rather than for himself, and refers to the neglect that botany has
generally experienced at the hands of the Society in comparison with
zoological subjects.  His own success characteristically reminds him of
what he considered a slight to his father, viz., that he had not received
the Copley Medal of the Royal Society.  This, the highest honour which
men of science can aspire to, is open not merely to Britons but to all
the world, and I should doubt whether Sir William had ever been high in
the list of possible recipients.

We are now approaching the great change wrought in the scientific outlook
of the world by the _Origin of Species_.  In November 1856, after reading
Darwin’s MS. on geographical distribution, Hooker wrote that though
“never very stubborn about unalterability of specific type, I never felt
so shaky about species before.”  It must be remembered that throughout
the companionship of Hooker and Darwin the latter was a convinced
evolutionist.  He writes in his autobiography that in 1838, after reading
Malthus on Population, he was convinced of the origin of new species by
means of natural selection.  Throughout the close intercourse which
subsisted for so many years between Hooker and Darwin, in which the views
afterwards put forth in the _Origin of Species_ were discussed, Hooker
seems not to have been a convinced evolutionist.  His conversion dates
apparently from 1858, when the papers by Darwin and Wallace were read at
the Linnean Society.  This has always appeared to me remarkable, and T.
H. Huxley {124} has said with regard to his own position:—“My reflection,
when I first made myself master of the central idea of the ‘Origin’ was,
‘How extremely stupid not to have thought of that!’”

After the publication of the _Origin of Species_ Hooker wrote to Darwin,
{125} “I have not yet got half through the book, not from want of will,
but of time—for it is the very hardest book to read, to full profit, that
I ever tried—it is so cram-full of matter and reasoning. . . .  Somehow
it reads very different from the MS., and I often fancy that I must have
been very stupid not to have more fully followed it in MS.”

Whatever Hooker may have been he was not stupid, and though nowadays it
is easy to feel surprise that his long-continued familiarity with
Darwin’s work had not earlier convinced him of the doctrine of evolution
by means of natural selection, we must ascribe it rather to his early
education in the sacrosanct meaning of the word _species_.

I think it must have been roughly about the time of the publication of
the _Origin of Species_ that my earliest memories of Sir Joseph Hooker
refer.  I clearly remember his eating gooseberries with us as children,
in the kitchen garden at Down.  The love of gooseberries was a bond
between us which had no existence in the case of our uncles, who either
ate no gooseberries or preferred to do so in solitude.  By a process of
evolutionary change the word gooseberry took on a new meaning at Down.
Hooker used to send Darwin some especially fine bananas grown in the Kew
hothouses, and these were called Kew gooseberries.  It was characteristic
of my father to feel doubts as to whether he ought to receive Royal
bananas from a Royal garden.  I wish I could remember Hooker romping with
us as children, of which he somewhere speaks.

It was about this time that Darwin had a fancy to make out the names of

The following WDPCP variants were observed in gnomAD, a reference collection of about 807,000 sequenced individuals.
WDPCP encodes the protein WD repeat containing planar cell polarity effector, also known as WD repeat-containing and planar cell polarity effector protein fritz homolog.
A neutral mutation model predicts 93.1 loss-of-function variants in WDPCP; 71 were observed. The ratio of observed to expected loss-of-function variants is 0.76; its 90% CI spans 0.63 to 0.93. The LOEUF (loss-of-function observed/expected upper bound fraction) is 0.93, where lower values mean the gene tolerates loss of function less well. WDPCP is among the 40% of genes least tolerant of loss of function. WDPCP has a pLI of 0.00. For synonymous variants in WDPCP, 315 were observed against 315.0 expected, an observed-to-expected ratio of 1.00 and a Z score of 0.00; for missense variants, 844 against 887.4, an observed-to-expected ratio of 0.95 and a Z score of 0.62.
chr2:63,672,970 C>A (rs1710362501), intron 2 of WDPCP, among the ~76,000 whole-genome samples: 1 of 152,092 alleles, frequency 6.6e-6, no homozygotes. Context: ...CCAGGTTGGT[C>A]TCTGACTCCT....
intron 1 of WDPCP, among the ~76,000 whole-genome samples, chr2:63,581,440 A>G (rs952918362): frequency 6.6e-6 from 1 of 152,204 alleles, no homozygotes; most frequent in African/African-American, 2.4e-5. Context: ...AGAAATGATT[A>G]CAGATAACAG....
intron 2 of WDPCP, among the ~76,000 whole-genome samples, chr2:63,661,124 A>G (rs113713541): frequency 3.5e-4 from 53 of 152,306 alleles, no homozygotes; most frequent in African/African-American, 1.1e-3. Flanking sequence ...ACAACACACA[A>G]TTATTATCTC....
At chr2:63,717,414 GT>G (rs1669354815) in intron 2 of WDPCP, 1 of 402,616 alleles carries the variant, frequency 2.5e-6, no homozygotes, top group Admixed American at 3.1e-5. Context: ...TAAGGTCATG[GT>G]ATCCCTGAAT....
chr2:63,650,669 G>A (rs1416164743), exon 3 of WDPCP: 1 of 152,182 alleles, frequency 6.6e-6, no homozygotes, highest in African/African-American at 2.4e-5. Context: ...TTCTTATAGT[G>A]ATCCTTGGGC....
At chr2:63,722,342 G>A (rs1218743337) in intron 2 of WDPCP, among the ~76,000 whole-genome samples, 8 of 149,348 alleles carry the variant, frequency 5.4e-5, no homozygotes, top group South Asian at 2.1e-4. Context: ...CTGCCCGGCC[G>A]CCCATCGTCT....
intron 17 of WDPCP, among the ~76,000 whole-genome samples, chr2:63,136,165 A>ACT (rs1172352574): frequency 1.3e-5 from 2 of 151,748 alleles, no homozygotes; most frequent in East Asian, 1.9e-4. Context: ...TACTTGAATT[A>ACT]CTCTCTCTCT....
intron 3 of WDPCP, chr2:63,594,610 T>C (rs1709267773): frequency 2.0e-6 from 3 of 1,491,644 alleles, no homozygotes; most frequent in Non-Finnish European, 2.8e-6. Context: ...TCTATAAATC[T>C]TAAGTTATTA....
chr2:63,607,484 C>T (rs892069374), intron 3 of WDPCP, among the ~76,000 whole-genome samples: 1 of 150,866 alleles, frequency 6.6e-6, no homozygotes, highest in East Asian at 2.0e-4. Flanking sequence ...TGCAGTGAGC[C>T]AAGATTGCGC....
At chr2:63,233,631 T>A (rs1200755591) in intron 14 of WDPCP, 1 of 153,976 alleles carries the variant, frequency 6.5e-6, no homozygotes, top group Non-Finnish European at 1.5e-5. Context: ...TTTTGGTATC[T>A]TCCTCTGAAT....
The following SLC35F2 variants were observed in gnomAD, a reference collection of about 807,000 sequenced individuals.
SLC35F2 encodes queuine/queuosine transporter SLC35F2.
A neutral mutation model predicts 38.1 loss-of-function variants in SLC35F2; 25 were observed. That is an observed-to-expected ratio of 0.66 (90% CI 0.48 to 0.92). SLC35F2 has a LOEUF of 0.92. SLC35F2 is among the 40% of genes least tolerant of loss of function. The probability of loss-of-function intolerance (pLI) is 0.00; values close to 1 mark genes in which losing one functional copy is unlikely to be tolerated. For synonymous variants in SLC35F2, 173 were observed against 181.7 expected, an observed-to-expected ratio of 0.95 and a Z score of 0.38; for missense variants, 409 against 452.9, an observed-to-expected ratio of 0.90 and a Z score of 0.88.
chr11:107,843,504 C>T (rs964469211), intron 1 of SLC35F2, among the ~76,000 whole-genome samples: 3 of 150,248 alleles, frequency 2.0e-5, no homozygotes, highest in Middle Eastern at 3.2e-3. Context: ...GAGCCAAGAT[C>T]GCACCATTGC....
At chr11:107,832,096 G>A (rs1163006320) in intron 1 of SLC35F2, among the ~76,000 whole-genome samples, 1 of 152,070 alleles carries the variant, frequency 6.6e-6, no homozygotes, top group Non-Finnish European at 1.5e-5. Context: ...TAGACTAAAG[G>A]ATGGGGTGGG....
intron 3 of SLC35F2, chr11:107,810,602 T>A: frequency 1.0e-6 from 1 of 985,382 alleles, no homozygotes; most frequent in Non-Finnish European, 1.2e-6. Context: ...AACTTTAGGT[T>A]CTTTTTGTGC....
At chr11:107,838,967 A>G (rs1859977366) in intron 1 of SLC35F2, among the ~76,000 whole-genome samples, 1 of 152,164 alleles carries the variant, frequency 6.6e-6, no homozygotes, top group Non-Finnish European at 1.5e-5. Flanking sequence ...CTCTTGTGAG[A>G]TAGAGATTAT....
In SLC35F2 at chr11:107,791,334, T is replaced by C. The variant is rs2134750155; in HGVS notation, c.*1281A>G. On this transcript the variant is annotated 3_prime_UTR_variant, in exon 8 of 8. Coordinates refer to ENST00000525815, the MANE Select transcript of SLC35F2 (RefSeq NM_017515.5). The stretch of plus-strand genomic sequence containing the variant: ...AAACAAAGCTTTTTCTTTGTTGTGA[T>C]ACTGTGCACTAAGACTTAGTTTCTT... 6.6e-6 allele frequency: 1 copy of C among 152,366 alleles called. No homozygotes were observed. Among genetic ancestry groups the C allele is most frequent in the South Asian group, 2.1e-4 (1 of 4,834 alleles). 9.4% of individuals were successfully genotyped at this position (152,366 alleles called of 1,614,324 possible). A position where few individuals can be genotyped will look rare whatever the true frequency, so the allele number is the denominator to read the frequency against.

the English grasses, and Hooker wrote, “How on earth you have made out 30
grasses rightly is a mystery to me.  You must have a marvellous tact for
appreciating diagnosis.”  It was at this time that one of Darwin’s boys
remarked in regard to a grass he had found:—“I are an extraordinary
grass-finder, and must have it particularly by me all dinner.”  Strange
to say he did not grow into a botanist.

Hooker’s letters at this time impress me with the difficulty he met with
in adapting his systematic work to the doctrines of evolution.  He gives
the impression of working at species in a puzzled or discontented frame
of mind.  Thus on 1st January 1859, he writes to a fellow-botanist:—“What
I shall try to do is, to harmonise the facts with the newest doctrines,
not because they are the truest, but because they do give you room to
reason and reflect at present, and hopes for the future, whereas the old
stick-in-the-mud doctrines of absolute creations, multiple creations, and
dispersion by actual causes under existing circumstances, are all used
up, they are so many stops to further enquiry.”

A few days later he continues to the same correspondent: “If the course
of migration does not agree with that of birds, winds, currents, etc., so
much the worse for the facts of migration!”  On the whole it seems to me
a remarkable fact that Hooker’s conversion to evolution was such a slow
affair.  As Mr Huxley points out, “The partial light thrown on the
question in fragmentary discussions was not enough, and until 1858–59,
after the consolidation of Darwin’s arguments in the famous Abstract
[_The Origin of Species_], Hooker . . . worked avowedly on the accepted
lines of the fixity of species, for which he had so far found no
convincing substitute.”

It is pleasant to read Darwin’s warm-hearted words: {127a} “You may say
what you like, but you will never convince me that I do not owe you ten
times as much as you can owe me” (30th Dec. 1858).

Hooker’s importance in the world was ever on the increase, and this had
also its usual concomitant drawbacks.  Huxley wrote to him {127b} on 19th
December 1860: “It is no use having any false modesty about the matter.
You and I, if we last ten years longer—and you by a long while first—will
be representatives of our respective lines in the country.  In that
capacity we shall have certain duties to perform, to ourselves, to the